Kirk DeWindt, who joined LeaderBoard July 2016, shortly after his first OCR, has also found recent success. He hit a PR in both the 5k and carry during the last round of testing. It’s worth noting that DeWindt was a collegiate All-American in the mile during his college years, so it may be a bit harder to get a personal best there. Forrest Bouge ran his first OCR two years ago and was in the first group of LeaderBoard athletes. He’s hit a PR in all his Benchmark in the past 6 weeks.

OFF TO THE RACES

Now, that part that really matters to some people. How does training with LeaderBoard improve your racing? Shoaf, who had mentioned the benefit of mental toughness, has seen an increase in his ability to race through fatigue. It’s paid off in races as recently as the AT&T Stadium Sprint. Last year, he finished a respectable top 38% in his age group, top 32% of men and top 29% overall. This year, however, he rocketed up to the top 21% in both his age group and gender, plus top 18% overall.

Bouge has improved from a top 15 finisher to a top 10 finisher, with two podium finishes so far in 2017. Caskey was a top 10 finisher prior to starting LeaderBoard. So, with LB training, he’s now consistently challenging the podium spots. “The last three races I’ve been in 2nd for a large portion of the race,” he said. “ Last year that would have made me nervous and think to myself that I was going too hard. Now I feel like I belong there, and confident that my training will keep me moving forward.”

In 2016, Aanerud ran his first season as an Elite Spartan. His placement ranged anywhere from 15th to the mid-60s, and a 77th place finish at Spartan World’s. This year, his worst finish is 25th, with the majority being between 6th and 15th. Most recently, he finished 8th in Boise. DeWindt has also found success since joining LeaderBoard. He won back to back races, his first wins, at Spartan Race Chicago in June, and finishes top ten in most races he competes in.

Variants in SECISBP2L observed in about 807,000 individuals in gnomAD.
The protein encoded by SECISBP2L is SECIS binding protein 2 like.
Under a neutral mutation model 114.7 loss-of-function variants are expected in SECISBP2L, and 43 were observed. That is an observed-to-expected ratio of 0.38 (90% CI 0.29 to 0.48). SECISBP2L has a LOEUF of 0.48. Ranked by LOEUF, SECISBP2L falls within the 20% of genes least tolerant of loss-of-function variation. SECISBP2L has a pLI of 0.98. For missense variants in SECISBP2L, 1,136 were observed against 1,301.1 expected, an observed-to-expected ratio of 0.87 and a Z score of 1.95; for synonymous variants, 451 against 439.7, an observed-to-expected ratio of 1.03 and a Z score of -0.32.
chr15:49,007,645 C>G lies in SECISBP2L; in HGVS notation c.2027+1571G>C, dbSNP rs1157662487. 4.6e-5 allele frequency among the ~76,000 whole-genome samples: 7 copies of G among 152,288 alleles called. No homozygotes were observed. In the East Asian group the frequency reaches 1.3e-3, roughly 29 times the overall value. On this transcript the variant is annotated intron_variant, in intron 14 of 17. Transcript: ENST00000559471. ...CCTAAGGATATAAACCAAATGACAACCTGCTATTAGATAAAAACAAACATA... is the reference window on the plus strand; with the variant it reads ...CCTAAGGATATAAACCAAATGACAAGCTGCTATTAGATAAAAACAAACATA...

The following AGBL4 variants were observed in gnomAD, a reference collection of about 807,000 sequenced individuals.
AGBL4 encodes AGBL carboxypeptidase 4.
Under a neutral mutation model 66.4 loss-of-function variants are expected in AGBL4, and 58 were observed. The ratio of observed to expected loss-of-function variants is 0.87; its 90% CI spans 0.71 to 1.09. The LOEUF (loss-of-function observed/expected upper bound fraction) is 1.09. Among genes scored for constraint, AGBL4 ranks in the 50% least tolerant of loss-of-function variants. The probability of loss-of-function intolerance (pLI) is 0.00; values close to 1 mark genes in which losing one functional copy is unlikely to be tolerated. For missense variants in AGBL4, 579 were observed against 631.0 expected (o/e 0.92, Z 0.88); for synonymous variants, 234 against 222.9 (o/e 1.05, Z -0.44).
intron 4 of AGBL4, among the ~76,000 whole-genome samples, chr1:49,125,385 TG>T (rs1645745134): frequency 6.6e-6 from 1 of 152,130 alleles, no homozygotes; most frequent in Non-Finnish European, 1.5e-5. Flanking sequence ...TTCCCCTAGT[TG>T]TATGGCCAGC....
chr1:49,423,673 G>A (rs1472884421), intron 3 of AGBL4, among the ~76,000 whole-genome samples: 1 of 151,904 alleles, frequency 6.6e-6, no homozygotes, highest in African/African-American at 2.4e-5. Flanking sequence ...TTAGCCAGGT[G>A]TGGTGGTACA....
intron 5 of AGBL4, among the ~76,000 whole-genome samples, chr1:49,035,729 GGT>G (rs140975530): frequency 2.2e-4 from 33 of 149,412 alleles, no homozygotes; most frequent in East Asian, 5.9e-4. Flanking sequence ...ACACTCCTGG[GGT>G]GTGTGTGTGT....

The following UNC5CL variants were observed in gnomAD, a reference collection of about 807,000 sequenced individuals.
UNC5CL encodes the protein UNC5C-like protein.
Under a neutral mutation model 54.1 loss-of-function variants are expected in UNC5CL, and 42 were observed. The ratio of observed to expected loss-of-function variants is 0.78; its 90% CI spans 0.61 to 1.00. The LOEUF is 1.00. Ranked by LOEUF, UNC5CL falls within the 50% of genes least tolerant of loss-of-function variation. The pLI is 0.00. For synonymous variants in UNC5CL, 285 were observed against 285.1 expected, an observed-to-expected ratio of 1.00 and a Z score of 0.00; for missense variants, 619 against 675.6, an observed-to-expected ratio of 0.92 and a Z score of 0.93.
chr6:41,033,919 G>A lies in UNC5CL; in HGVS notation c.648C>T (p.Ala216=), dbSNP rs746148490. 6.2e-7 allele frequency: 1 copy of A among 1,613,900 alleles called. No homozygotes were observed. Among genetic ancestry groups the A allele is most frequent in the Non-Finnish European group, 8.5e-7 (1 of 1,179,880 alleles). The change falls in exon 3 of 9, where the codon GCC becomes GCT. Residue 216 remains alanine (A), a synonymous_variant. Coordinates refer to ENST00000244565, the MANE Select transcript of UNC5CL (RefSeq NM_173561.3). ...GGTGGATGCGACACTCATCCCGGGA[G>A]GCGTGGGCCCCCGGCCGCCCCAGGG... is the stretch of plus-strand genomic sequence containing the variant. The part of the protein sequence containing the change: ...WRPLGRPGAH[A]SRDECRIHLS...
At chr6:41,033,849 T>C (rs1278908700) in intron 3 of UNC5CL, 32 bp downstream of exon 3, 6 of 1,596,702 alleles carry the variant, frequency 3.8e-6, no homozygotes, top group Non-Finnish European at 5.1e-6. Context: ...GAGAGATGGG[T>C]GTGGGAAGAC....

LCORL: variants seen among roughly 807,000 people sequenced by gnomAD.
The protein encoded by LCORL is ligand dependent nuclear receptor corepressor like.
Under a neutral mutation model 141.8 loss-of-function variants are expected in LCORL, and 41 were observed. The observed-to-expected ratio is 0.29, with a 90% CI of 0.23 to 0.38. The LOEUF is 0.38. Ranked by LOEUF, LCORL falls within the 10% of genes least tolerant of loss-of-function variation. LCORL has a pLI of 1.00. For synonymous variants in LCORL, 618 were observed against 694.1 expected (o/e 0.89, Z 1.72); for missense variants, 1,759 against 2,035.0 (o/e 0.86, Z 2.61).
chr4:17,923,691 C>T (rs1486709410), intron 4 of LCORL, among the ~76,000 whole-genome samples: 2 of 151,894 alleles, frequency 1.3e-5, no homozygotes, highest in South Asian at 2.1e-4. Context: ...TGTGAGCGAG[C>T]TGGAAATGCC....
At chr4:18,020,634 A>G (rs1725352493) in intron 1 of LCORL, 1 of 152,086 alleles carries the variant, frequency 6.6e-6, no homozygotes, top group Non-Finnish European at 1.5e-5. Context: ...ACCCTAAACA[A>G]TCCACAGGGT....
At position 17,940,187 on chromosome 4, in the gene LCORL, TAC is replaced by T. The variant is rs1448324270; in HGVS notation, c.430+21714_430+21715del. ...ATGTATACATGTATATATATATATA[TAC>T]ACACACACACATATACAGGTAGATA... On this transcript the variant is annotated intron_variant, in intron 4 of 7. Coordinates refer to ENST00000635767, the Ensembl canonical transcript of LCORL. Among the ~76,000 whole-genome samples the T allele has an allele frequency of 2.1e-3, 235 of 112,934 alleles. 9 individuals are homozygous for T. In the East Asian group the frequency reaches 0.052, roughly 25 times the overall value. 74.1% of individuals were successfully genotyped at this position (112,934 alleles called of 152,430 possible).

Ean-Caskey-Chicago-RigEan Caskey making quick work of the rig in Chicago

I don’t get the opportunity to run a lot of races, so my main comparison is between Savage Maryland in the fall of 2016 and Savage Pennsylvania a few weeks ago. Though my overall placement wasn’t quite as good, I put that blame on my own inexperience and not my training. At the 2016 MD race, there were a total of 188 racers in the competitive heat. In 2017, the PA race had 256 racers. Unfortunately, in PA, I waited too long to get in the starting corral, and started the race towards the back. This resulted in more cattle jams and even a five-minute wait in line before a first attempt at an obstacle. That obstacle, however, was Kiss My Walls, which took three attempts in Maryland, but only two in PA.

At both races, I was able to finish the SavagePro wave completing all obstacles. To me, the difference was the new obstacles for 2017. The 2016 race had one rig. Savage PA had two rigs, plus an obstacle called Twirly Bird, which is essentially another, more difficult rig. The upper body demand was much higher at the PA race. Though I obviously can’t say for sure, it would’ve been very difficult for me to finish 100% obstacle completion had the Maryland race been as tough. This year, I even had enough energy to run the course again, in an open heat, a few hours later with some friends. Something I know I wouldn’t have been up for last fall.